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Speculators cash in as homelessness grows

While homelessness grows and people struggle to pay exorbitant rents, rich property speculators in central London are cashing in.

There were 52,960 households in temporary accommodation in England when the figures were last updated six months ago. They include an estimated 70,000 children who have no permanent roof over their heads.

Homelessness has risen 25% over the last three years. And the official increase back in 2011 was itself the largest in nine years. Over the last year, 5,700 people were sleeping on London's streets while some one million are on council waiting lists for a home.

This does not take account of 400,000 “hidden homeless” – those who squeeze into the homes of families or friends and never make it to the council lists.

The ConDem cap on housing benefits, currently claimed by some 660,000 people, will make many more homeless in the months to come.

The right-wing free-market Institute of Economic Affairs notes that:

Runaway housing costs have become one of the most pressing issues for low-income households in the UK. House prices have doubled in real terms since the mid-1990s alone, from an already very high level. No other developed country except Australia has experienced a price explosion of such a magnitude.

Shelter, the housing campaign, estimates that 3.6 million children in the United Kingdom live in poverty after their housing costs have been paid.

When it comes to buying, most new households are priced out of the market. But for those speculating in property, soaring prices are truly wonderful.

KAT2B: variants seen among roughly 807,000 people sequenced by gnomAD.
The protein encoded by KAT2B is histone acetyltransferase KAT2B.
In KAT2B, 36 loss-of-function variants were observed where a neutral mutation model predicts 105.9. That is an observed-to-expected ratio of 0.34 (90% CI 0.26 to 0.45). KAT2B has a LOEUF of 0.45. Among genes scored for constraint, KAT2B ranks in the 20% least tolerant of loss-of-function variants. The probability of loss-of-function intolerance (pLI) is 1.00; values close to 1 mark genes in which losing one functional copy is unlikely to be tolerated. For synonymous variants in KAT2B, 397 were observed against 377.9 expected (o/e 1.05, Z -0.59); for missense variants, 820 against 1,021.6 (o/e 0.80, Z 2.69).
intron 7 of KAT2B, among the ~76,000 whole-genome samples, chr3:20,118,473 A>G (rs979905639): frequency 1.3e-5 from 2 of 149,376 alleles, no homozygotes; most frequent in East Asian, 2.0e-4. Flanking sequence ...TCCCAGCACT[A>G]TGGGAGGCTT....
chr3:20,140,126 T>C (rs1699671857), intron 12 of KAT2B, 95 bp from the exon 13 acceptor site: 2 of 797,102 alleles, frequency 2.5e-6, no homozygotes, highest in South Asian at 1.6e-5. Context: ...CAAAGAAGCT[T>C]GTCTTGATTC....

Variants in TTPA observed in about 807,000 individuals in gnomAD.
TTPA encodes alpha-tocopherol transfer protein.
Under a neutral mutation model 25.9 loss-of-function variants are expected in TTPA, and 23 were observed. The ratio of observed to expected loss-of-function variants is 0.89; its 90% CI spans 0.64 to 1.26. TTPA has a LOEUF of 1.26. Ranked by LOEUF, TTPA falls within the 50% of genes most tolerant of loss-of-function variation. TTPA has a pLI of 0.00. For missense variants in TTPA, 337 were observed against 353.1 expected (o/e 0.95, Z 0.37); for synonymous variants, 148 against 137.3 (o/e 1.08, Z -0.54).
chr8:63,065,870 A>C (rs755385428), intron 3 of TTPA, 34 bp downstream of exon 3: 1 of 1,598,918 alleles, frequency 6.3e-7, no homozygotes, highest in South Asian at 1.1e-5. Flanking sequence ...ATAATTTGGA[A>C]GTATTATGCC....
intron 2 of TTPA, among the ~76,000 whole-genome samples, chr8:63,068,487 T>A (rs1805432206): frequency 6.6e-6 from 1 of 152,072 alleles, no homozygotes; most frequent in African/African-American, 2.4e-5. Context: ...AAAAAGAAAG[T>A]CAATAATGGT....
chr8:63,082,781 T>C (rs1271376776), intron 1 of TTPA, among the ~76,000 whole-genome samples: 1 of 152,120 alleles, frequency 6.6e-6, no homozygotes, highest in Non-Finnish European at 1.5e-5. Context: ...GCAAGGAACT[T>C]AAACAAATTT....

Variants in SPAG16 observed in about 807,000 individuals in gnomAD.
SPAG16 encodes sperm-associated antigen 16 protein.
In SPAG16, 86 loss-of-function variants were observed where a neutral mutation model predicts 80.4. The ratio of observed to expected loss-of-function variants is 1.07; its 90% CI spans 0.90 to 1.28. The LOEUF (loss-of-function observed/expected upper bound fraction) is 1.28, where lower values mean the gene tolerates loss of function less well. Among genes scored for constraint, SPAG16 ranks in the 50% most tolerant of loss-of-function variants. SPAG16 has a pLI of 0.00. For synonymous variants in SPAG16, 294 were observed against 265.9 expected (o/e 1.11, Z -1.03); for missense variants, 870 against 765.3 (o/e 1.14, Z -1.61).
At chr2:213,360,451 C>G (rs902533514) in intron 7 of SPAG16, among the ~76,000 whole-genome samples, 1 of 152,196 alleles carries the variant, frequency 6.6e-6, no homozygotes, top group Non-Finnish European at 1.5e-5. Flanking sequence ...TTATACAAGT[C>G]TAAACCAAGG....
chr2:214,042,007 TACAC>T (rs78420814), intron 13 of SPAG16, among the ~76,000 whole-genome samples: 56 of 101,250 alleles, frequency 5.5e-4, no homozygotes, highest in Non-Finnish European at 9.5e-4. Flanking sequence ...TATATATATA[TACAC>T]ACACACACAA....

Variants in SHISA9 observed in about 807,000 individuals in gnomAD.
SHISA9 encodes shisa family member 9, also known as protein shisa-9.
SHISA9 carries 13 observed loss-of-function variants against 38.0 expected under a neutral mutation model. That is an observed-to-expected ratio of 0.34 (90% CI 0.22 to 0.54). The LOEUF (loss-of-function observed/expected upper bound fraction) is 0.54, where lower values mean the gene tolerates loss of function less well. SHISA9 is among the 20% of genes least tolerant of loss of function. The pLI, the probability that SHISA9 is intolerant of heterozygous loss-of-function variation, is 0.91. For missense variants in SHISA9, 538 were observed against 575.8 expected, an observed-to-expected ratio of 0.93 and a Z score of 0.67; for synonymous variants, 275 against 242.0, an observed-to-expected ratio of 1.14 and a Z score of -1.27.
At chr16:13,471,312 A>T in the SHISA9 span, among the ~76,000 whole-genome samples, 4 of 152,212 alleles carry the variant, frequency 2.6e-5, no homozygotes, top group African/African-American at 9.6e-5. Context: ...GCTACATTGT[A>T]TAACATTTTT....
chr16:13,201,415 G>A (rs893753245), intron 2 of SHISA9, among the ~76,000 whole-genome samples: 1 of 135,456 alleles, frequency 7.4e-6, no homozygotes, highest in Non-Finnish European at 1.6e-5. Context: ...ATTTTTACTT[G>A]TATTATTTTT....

Yes, that will be the super rich who are buying up luxury apartments at One Hyde Park. They include British entrepreneurs, Russian and Ukrainian oligarchs, Nigerian and Arab oil billionaires.  

One tax-haven sleuth has found that five flats in London were bought for a total of more than £82 million by a group of Isle of Man companies under the name of Rose of Sharon.  Ukraine’s wealthiest man seems to have bought two flats in Hyde Park for £144 million.
Despite forking out such astronomic sums, of course, you won’t find many of the billionaires actually living at these properties. In the case of One Hyde Park, only 17 out of the 76 apartments will actually be lived in. It’s an investment and buying through a company means that the owners can avoid a lot of tax.

There is an inverse relationship between the haves and the have-nots. The higher property prices soar, the harder things are for those lower down the scale. Even middle-class professionals are finding themselves priced out of the market.  

The solution to the housing crisis lies within the problem itself. There are over 300,000 long-term vacant properties in England alone. Housing practitioners have long proposed creative ways of bringing them back into use.

Instead of property developers, land speculators and private landlords controlling the supply and price of housing, we need a housing programme that works for people.

Immediate measures are needed:

In short, a housing strategy designed to meet need and for ecological care rather than as a source of income or profit for developers, speculative builders, investors and landowners.

Corinna Lotz
A World to Win secretary
12 March 2013

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